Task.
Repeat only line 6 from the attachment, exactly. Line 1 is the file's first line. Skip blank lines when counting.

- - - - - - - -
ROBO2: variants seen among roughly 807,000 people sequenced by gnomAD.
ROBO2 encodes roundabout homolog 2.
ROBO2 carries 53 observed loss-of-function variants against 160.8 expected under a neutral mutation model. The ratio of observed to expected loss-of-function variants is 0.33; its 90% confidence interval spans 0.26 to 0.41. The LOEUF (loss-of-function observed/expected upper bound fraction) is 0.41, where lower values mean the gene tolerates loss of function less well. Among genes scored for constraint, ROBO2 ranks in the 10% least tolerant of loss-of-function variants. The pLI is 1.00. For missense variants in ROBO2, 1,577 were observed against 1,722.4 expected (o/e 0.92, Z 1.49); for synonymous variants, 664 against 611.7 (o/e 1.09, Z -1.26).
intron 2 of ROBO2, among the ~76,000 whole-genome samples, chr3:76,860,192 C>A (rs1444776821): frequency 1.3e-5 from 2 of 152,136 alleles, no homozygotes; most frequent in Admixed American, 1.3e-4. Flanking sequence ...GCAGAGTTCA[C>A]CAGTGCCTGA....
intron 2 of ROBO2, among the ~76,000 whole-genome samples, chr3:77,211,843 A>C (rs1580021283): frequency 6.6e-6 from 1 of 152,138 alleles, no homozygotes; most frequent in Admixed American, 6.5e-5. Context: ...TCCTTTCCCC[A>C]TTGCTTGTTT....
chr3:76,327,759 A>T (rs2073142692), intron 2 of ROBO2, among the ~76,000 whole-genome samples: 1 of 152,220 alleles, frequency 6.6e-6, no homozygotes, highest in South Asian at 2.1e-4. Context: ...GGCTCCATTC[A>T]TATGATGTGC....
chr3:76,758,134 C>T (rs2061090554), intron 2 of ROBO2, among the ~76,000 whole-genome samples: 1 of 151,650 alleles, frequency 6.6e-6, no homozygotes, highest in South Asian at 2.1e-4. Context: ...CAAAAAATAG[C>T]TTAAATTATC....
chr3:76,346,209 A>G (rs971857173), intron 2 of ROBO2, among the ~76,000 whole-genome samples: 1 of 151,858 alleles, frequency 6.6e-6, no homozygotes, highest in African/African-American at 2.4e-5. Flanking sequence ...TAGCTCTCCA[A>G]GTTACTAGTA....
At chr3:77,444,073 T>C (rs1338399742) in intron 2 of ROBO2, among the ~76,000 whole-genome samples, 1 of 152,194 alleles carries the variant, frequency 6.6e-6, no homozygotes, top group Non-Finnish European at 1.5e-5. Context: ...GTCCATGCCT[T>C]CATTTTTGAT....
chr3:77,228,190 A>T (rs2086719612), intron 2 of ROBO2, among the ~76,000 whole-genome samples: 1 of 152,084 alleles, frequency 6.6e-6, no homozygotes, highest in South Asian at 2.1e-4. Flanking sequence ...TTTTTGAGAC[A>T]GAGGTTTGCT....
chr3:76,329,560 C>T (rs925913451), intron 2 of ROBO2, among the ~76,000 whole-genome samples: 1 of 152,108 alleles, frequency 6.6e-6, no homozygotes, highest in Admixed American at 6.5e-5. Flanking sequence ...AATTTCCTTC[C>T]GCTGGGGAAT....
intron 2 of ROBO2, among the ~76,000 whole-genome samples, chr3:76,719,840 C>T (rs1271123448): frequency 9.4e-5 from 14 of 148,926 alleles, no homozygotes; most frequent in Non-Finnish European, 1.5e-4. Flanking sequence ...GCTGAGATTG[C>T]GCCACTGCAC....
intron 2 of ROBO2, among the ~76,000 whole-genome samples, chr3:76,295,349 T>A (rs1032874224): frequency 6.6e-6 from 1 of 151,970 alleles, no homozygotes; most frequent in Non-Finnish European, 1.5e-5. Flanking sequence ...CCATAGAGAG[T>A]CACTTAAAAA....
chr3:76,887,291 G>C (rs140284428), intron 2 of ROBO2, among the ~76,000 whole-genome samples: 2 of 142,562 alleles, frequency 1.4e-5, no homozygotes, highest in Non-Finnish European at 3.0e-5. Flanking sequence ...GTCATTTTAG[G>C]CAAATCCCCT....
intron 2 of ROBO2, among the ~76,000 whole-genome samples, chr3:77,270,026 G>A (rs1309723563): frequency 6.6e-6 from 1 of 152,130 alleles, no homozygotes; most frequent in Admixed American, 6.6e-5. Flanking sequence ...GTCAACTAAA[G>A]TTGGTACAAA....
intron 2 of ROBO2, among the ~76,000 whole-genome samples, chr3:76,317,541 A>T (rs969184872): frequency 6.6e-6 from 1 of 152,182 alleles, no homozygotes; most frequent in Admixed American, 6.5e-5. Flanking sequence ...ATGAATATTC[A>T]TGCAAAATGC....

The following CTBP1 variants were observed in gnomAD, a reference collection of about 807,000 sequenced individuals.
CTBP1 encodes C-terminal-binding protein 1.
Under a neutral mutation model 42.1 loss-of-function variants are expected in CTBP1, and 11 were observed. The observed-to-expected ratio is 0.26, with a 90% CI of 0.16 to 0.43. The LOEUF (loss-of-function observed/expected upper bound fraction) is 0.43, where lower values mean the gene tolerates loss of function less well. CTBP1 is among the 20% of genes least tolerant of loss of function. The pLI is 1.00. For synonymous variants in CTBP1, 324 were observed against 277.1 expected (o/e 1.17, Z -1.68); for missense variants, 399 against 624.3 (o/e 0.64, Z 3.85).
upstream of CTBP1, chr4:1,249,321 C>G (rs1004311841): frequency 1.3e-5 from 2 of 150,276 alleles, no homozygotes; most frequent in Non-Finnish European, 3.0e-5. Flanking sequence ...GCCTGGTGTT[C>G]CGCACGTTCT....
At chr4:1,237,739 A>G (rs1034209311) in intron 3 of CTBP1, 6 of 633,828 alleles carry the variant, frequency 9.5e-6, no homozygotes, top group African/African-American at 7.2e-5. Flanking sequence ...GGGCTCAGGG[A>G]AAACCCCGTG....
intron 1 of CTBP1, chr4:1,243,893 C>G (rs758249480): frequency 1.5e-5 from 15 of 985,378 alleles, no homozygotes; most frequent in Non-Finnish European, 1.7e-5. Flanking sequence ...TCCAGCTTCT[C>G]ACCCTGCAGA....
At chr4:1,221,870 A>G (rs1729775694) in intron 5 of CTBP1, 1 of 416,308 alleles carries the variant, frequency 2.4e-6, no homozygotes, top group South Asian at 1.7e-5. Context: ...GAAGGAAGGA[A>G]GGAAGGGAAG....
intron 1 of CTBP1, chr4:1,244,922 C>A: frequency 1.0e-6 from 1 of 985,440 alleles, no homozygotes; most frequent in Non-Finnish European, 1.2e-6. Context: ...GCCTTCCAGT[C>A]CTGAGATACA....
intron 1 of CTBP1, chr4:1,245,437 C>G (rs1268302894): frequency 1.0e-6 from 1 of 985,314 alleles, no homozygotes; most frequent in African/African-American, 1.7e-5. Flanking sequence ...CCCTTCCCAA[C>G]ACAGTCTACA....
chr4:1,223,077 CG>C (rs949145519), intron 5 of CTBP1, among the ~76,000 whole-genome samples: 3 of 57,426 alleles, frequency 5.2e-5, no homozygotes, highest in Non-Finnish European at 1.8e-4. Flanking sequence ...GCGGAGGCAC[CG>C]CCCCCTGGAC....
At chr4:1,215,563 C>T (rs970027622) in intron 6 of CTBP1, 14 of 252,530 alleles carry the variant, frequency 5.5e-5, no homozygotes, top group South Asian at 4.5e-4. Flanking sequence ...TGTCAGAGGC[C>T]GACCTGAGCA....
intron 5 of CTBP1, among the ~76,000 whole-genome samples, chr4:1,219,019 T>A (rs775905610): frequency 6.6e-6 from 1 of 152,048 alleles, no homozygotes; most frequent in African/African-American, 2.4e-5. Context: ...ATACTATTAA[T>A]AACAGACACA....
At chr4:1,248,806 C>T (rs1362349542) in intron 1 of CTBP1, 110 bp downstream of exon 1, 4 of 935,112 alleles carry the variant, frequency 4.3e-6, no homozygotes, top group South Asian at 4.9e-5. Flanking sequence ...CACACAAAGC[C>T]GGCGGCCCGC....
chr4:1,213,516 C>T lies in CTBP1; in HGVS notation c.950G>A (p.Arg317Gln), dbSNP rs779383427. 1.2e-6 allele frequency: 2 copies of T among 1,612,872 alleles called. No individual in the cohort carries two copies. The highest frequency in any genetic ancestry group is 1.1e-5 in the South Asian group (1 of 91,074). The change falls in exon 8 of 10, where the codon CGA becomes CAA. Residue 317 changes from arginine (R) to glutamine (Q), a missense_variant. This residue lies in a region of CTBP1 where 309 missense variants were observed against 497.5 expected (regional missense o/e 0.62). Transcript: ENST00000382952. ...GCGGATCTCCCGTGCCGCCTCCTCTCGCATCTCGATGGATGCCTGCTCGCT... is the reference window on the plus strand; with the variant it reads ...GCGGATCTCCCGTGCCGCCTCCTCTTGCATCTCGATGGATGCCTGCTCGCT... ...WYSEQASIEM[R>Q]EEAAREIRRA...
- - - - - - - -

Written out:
chr3:76,327,759 A>T (rs2073142692), intron 2 of ROBO2, among the ~76,000 whole-genome samples: 1 of 152,220 alleles, frequency 6.6e-6, no homozygotes, highest in South Asian at 2.1e-4. Context: ...GGCTCCATTC[A>T]TATGATGTGC....